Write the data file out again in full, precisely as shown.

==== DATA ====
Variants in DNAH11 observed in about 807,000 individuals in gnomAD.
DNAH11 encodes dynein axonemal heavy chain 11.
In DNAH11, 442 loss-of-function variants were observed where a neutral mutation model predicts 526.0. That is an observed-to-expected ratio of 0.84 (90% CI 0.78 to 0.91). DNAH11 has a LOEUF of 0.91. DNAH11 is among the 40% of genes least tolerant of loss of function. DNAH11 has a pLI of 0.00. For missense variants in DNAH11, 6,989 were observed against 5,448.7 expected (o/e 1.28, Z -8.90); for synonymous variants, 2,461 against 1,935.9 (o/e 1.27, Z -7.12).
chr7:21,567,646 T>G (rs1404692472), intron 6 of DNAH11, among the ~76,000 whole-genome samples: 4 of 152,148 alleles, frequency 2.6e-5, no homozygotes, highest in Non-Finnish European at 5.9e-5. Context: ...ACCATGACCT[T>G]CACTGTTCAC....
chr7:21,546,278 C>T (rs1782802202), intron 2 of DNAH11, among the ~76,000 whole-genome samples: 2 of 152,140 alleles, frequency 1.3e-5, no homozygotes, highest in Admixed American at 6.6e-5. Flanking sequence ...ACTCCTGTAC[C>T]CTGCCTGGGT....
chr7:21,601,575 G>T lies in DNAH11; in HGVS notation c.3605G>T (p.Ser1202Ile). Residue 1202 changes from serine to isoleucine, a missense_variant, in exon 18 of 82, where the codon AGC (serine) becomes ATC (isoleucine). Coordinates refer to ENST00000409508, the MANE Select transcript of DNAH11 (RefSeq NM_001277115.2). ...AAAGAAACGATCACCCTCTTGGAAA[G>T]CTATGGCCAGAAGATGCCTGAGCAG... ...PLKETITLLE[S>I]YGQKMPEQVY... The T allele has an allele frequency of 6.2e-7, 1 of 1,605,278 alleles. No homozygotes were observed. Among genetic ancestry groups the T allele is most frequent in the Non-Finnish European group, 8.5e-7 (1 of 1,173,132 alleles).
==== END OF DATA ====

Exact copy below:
Variants in DNAH11 observed in about 807,000 individuals in gnomAD.
DNAH11 encodes dynein axonemal heavy chain 11.
In DNAH11, 442 loss-of-function variants were observed where a neutral mutation model predicts 526.0. That is an observed-to-expected ratio of 0.84 (90% CI 0.78 to 0.91). DNAH11 has a LOEUF of 0.91. DNAH11 is among the 40% of genes least tolerant of loss of function. DNAH11 has a pLI of 0.00. For missense variants in DNAH11, 6,989 were observed against 5,448.7 expected (o/e 1.28, Z -8.90); for synonymous variants, 2,461 against 1,935.9 (o/e 1.27, Z -7.12).
chr7:21,567,646 T>G (rs1404692472), intron 6 of DNAH11, among the ~76,000 whole-genome samples: 4 of 152,148 alleles, frequency 2.6e-5, no homozygotes, highest in Non-Finnish European at 5.9e-5. Context: ...ACCATGACCT[T>G]CACTGTTCAC....
chr7:21,546,278 C>T (rs1782802202), intron 2 of DNAH11, among the ~76,000 whole-genome samples: 2 of 152,140 alleles, frequency 1.3e-5, no homozygotes, highest in Admixed American at 6.6e-5. Flanking sequence ...ACTCCTGTAC[C>T]CTGCCTGGGT....
chr7:21,601,575 G>T lies in DNAH11; in HGVS notation c.3605G>T (p.Ser1202Ile). Residue 1202 changes from serine to isoleucine, a missense_variant, in exon 18 of 82, where the codon AGC (serine) becomes ATC (isoleucine). Coordinates refer to ENST00000409508, the MANE Select transcript of DNAH11 (RefSeq NM_001277115.2). ...AAAGAAACGATCACCCTCTTGGAAA[G>T]CTATGGCCAGAAGATGCCTGAGCAG... ...PLKETITLLE[S>I]YGQKMPEQVY... The T allele has an allele frequency of 6.2e-7, 1 of 1,605,278 alleles. No homozygotes were observed. Among genetic ancestry groups the T allele is most frequent in the Non-Finnish European group, 8.5e-7 (1 of 1,173,132 alleles).